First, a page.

The U.S. economy contracted at a slower-than-expected pace in the second quarter as the slump in business and residential investment moderated sharply, according to government data on Friday that backed views the recession was winding down.

Gross domestic product, which measures total goods and services output within U.S. borders, fell at a 1.0 percent annual rate, the Commerce Department said, after tumbling 6.4 percent in the January-March quarter, the biggest decline since a matching fall in the first quarter of 1982. It was previously reported as a 5.5 percent drop.

With the contraction in the second quarter, U.S. GDP has fallen for four straight quarters for the first time since government records started in 1947.

Analysts polled by Reuters had forecast GDP falling at a 1.5 percent rate in the second quarter.

The advance report showed business investment decreased at an 8.9 percent rate in the second quarter after diving 39.2 percent in the previous quarter. Investment in nonresidential structures fell at an 8.9 percent rate compared to a 43.6 percent drop in the first quarter.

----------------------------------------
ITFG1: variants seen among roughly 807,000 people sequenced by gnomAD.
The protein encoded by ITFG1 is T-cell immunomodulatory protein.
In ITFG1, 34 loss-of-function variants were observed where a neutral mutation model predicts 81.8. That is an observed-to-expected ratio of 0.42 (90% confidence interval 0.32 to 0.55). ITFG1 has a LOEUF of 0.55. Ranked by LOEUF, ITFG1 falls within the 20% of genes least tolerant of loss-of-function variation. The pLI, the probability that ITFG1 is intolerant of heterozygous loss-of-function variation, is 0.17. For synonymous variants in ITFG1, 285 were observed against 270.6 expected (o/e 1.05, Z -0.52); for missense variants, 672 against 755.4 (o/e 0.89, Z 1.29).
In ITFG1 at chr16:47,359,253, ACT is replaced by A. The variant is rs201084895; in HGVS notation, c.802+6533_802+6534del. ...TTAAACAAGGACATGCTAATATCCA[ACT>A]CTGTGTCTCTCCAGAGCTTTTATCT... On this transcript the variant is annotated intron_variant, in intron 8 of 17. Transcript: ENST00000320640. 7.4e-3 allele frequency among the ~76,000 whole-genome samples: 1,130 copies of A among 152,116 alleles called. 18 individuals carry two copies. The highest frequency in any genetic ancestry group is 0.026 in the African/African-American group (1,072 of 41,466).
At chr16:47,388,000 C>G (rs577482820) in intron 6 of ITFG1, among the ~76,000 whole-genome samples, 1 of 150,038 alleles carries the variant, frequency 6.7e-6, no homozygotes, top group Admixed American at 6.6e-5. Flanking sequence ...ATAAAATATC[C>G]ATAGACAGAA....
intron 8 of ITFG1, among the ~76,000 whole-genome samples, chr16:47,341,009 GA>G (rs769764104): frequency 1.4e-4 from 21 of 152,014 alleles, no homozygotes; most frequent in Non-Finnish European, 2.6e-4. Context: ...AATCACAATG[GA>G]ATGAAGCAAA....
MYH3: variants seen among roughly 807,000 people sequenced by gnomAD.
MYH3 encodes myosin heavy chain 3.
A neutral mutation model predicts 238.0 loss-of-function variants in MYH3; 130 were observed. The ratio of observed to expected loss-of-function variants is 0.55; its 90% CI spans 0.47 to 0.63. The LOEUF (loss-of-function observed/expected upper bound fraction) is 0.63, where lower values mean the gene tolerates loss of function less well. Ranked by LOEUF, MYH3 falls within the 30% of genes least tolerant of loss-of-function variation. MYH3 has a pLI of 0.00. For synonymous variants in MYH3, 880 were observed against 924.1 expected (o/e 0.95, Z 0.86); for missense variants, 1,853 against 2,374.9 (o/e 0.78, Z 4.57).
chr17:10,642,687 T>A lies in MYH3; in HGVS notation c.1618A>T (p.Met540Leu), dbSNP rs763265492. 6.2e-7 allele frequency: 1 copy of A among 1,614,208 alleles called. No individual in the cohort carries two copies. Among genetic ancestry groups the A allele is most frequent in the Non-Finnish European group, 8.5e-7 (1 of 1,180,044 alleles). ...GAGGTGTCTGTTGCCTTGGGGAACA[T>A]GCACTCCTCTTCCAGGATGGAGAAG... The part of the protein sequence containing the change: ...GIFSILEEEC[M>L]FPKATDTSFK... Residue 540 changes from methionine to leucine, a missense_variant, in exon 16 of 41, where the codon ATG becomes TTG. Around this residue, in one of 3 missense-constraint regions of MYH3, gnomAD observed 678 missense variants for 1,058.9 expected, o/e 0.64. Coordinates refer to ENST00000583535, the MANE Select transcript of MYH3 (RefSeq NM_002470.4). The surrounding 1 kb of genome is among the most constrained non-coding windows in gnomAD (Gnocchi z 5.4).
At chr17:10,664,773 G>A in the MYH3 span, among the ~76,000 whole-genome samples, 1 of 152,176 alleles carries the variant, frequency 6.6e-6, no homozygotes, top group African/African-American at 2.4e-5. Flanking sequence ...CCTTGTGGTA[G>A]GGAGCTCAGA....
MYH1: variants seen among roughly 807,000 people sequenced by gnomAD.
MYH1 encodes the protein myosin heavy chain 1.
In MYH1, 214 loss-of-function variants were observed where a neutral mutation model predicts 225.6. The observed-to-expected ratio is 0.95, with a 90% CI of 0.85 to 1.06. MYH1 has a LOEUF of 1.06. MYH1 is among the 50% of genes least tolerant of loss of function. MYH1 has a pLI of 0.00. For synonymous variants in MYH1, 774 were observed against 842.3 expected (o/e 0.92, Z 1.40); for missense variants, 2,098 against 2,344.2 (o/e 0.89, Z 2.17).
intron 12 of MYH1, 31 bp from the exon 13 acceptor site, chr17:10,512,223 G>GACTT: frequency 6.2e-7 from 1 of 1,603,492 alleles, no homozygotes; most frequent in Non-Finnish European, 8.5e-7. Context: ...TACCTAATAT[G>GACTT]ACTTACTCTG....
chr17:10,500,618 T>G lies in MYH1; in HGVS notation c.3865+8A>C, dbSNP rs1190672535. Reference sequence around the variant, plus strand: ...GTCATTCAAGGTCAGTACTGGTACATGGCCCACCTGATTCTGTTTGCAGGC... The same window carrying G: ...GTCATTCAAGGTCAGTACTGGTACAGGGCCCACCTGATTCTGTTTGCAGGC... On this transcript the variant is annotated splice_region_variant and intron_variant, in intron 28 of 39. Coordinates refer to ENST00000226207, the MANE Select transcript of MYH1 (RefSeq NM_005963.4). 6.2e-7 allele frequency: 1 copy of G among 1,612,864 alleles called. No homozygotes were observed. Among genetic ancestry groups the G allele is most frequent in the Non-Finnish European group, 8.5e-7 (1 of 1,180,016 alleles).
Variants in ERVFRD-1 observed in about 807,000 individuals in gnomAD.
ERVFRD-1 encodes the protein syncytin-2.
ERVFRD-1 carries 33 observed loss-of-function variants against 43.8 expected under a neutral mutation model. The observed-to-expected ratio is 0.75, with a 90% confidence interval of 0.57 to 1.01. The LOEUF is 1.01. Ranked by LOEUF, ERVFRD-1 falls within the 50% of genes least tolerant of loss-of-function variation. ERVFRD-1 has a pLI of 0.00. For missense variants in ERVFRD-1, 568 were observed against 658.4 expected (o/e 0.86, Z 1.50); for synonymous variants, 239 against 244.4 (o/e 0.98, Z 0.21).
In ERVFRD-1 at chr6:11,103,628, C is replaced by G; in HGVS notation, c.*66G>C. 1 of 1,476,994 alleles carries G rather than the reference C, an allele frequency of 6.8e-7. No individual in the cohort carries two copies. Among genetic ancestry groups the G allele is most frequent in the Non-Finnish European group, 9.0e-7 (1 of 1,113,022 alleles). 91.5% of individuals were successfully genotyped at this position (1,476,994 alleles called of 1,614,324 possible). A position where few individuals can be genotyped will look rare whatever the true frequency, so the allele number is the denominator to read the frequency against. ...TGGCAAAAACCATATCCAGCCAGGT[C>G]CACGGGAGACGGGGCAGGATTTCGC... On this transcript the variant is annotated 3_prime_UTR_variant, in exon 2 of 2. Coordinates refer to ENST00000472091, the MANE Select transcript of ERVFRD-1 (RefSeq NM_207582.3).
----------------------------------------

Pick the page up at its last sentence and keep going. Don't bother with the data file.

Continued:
Residential investment, which is at the core of the longest recession since the Great Depression, dropped at a 29.3 percent rate in the April-June period after plummeting by 38.2 percent in the first quarter.

Business inventories continued to be a drag on overall GDP, declining by a record $141.1 billion in the second quarter as firms aggressively cut back on new production to reduce stockpiles of unsold goods. Inventories fell by $113.9 billion in the first quarter. The drop in inventories shaved 0.83 percentage points from second-quarter GDP. Excluding inventories, GDP fell 0.2 percent in the second quarter compared to a 4.1 percent decline in the first quarter, the department said.

Consumer spending, which accounts for over two-thirds of U.S. economic activity, fell at a 1.2 percent rate in the second quarter after rising 0.6 percent in the previous quarter. The freefall in exports braked sharply in the second quarter. Exports fell at a 7.0 percent rate after plunging 29.9 percent in the first quarter. There were positive contributions from the federal, state and local government during the second quarter.

Annual benchmark revisions issued by the department showed the economy barely grew in 2008, expanding at an annual rate of 0.4 percent, the smallest since 1991, instead of the 1.1 percent previously estimated.

(Reporting by Lucia Mutikani; Editing by Andrea Ricci)